The Fair Labor Association is claiming to have secure assurances from Apple and its supplier Foxconn that they will make sweeping changes to workers’ pay and conditions at the latter’s Chinese plants in line with the FLA’s latest report, but critics have argued they don’t go far enough.
As Apple CEO Tim Cook wraps up his eventful trip to the People’s Republic this week, the non-profit released the findings of its initial month-long report into conditions at three Foxconn plants in China, at Guanlan, Longhua, and Chengdu.
It found substantial problems with working conditions including excessive overtime, health and safety risks and management dominated unions.
Firstly, the FLA reported that all three factories breached its limits of 60 hours per week including overtime and local Chinese limits of 40 hours a week plus 36 hours overtime per month. In some cases employees worked more than seven days in a row without the required day off.
The health and safety issues at Foxconn are well documented, since a fatal explosion rocked the Chengdu plant in 2011, and the FLA said that 43 per cent of the workers it interviewed had experienced or witnessed an accident.
Finally, the FLA found that the union at Foxconn is dominated by management representatives and therefore doesn’t provide true worker representation according to the law of the land.
To address these problems, the FLA said Foxconn and Apple had agreed to comply with FLA and Chinese legal limits on working hours, reducing monthly overtime hours from 80 to 36. To be fair to Apple it had already begun to ‘micro-manage’ hours at the plants to ensure compliance.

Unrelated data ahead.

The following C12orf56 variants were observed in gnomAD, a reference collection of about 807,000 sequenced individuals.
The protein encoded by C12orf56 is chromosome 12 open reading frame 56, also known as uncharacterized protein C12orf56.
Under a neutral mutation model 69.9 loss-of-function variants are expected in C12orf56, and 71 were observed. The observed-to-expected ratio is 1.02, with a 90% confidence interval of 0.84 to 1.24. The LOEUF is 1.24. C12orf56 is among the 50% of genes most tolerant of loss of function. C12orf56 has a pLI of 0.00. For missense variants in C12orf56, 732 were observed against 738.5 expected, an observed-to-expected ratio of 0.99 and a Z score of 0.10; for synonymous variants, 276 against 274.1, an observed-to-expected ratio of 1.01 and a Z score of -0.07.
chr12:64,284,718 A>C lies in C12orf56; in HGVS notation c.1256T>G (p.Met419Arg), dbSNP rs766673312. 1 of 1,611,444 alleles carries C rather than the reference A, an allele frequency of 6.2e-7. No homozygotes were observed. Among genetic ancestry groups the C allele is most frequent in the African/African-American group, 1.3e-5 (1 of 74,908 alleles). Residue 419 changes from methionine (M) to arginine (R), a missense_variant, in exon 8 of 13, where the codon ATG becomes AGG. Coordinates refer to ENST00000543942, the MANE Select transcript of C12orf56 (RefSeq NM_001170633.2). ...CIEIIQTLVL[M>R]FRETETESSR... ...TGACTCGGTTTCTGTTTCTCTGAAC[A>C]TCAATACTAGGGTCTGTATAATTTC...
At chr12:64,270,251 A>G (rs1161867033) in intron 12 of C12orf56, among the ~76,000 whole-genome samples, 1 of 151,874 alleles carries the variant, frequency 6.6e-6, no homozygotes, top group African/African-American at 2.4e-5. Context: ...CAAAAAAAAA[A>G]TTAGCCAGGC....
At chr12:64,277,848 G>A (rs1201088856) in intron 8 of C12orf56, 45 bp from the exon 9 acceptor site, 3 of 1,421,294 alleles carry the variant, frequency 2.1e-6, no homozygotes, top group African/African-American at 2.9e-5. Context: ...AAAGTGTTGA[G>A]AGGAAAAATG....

The FLA added that Foxconn would increase its workforce “significantly” to maintain capacity while reducing workers’ hours.
It also said that Foxconn agreed to develop a compensation package to ensure workers are protected from the loss of income incurred by reduced overtime, and added that workers cheated out of overtime payments would be retroactively paid according to the results of an audit.
More importantly, the FLA said it is conducting a cost of living study to make sure that workers’ salaries meet its requirements for basic needs.
Groups have argued in the past that despite raising wages, Foxconn also charges staff for living costs such as dorm rooms and that once these extras are deducted from their pay it makes excessive overtime the only way for workers to earn a living wage.
On the health and safety front, FLA said that it would force Foxconn to record all accidents resulting in injury, not just those incurring a production stoppage. It added that progress has been made to reduce risk and improve operating procedures.
Finally, Foxconn agreed to ensure management doesn’t interfere with the election of union representatives and said it will adapt its internship program to ensure a “productive, healthy and safe educational experience” for interns.
“The Fair Labor Association gave Apple’s largest supplier the equivalent of a full-body scan through 3,000 staff hours investigating three of its factories and surveying more than 35,000 workers. Apple and its supplier Foxconn have agreed to our prescriptions, and we will verify progress and report publicly,” said FLA president and CEO Auret van Heerden.
“If implemented, these commitments will significantly improve the lives of more than 1.2 million Foxconn employees and set a new standard for Chinese factories."
Fair play to the FLA then. There were some who doubted the organisation’s neutrality given Apple is a member but its report has been pretty damning of conditions in the plants, although Apple will say it has already been working to address many of them.